“Minority science” in the short 20th century: Imagining science from the margins of academia
When the roars of World War I went silent, the process of redrawing social, cultural, and geographic borders began. Gradually, continental empires seemed a thing of the past, and the idea of the national state seemed to have prevailed – even if overseas empires still remained strong. Socialism became a legitimate approach in academia, with various versions in different countries. Women were increasingly accepted as academics and researchers, a process proceeding at different speeds across the globe.
The process of redrawing and rethinking was obviously a slow one, with a wide geographical variety. In Central Europe, states born from empires were multicultural but not automatically open to scholars of other national identifications/loyalties. Czechoslovakia, home to Czech, Slovak, German, Ukrainian, Russian, and Jewish scholars, can be contrasted with Poland, where more Ukrainian scholars taught at clandestine institutions than at official ones. Other countries, like France or Great Britain, retained their colonies and followed policies of imperial othering. Depending on the country and political situation, Socialist scholars could be part of the academia or expelled from it due to their convictions (Horthy-Era Hungary or McCarthy-Era USA). In Socialist countries, on the contrary, liberal but also conservative scholars were excluded or at least othered.
While historians often look at these processes based on the binary exclusion versus inclusion, others have claimed that being an “other” can also be a privilege, allowing a more distant and critical perception of one’s surrounding society. Michel Foucault, Simone Weil, and Jacques Derrida are examples of scholars for whom the outsider position is more a blessing than a curse. A less prominent example is Stefan Baley (Stepan Balej), Polish-Ukrainian psychologist, the author of a number of publications on personality and science. “Minority,” “other,” or “otherness” are of course not innocent concepts, yet they are not set in stone either; they mix legality, ascription, self-perception, numbers, statistics, and individual biographies. Therefore, an integral part of our endeavour is to uncover how (academic) power relations are entangled with those in the society at large.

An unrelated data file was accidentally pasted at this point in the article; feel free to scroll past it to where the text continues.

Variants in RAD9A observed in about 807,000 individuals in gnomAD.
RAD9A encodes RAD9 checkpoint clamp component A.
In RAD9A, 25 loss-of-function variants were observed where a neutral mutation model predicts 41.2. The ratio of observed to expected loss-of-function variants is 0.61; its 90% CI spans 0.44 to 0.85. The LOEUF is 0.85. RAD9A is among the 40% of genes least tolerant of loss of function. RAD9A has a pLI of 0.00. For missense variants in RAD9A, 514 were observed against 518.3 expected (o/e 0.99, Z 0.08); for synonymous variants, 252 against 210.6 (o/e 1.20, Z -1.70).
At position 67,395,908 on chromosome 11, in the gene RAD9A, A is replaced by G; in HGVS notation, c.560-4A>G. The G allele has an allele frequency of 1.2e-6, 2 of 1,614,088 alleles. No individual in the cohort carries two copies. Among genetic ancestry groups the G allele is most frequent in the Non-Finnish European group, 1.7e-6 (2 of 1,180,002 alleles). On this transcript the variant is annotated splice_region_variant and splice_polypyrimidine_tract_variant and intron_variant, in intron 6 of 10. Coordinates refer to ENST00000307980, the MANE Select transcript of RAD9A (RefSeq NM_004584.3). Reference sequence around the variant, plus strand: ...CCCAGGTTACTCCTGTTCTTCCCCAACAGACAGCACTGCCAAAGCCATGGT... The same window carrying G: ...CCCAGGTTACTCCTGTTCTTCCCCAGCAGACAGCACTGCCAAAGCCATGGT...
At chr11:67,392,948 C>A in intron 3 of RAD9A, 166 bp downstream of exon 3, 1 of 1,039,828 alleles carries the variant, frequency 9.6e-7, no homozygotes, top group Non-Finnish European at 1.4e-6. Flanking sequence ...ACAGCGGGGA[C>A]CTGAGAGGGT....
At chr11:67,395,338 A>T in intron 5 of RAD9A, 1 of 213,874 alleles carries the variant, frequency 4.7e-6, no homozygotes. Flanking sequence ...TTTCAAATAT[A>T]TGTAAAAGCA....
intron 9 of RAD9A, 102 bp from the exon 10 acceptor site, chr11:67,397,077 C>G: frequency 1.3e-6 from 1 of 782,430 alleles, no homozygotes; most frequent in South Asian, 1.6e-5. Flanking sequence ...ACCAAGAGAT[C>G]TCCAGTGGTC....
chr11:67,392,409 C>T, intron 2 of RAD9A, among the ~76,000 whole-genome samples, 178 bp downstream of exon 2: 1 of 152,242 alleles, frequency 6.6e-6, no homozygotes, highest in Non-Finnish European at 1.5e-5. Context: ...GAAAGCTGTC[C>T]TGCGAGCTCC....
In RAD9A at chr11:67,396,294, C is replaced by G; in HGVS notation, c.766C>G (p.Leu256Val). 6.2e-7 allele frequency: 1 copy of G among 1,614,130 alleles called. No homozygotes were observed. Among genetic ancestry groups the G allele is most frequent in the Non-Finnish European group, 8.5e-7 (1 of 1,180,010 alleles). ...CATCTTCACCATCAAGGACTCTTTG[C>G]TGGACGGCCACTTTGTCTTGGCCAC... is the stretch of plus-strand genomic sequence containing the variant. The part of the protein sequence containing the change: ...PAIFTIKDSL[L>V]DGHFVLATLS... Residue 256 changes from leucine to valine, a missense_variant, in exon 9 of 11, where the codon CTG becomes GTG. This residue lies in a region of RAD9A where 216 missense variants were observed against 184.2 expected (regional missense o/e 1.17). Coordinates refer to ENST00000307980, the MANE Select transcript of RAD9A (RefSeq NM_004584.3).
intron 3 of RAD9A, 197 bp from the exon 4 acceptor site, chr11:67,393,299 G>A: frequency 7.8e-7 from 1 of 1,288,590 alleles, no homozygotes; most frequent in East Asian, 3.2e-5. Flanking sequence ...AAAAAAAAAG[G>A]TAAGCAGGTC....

Our conference wants to look at how cultural outsiders, émigrés, refugees, and members of minorities imagined the sciences and their own position in them. We are interested in contributions discussing scholars who were (and/or regarded themselves as) outsiders/minorities on account of their cultural, gender, political or social identifications. Questions include, but are not limited to:
- How did minority scholars see their position within academic scholarship and its institutions? How did they define their minority-ness and otherness (e.g. representatives of “small nations” seeing themselves as a minor part of international science, members of ethnic and/or national minorities within nationalising states, etc.).
- What strategies did these scholars pursue to meet their goals (epistemic, political, career-oriented)?
- What alternative epistemologies did minority scholars develop or propose? How did they respond to epistemic proposals by mainstream scholars?
- How did minority institutions position themselves to the state-dominant institutions?
- How did minority and majority scholars differ in their strategies of asserting credibility, building networks, publishing, etc.? For instance, did they demonstratively publish in mainstream media to assert their status within the state, did they search for alternatives, or both?
- Can we talk about the specificity of a “minority science,” and how can the mainstream science narrative – our received narrative – be challenged through it?
Please send your abstract of no more than 350 words and a short biographical note by 15 October 2022 to Jan Surman (email@example.com).
The conference is organised by the project “Images of science” in Czechoslovakia 1918-1945-1968, financed by Lumina Quaeruntur fellowship of the Czech Academy of Sciences and hosted by the Masaryk Institute and Archives of the Czech Academy of Sciences.
The conference will take place 30–31 March 2023, in Prague, Czech Republic. Travel costs and accommodations for speakers will be provided. We plan the conference to be in person. Language of the conference is English.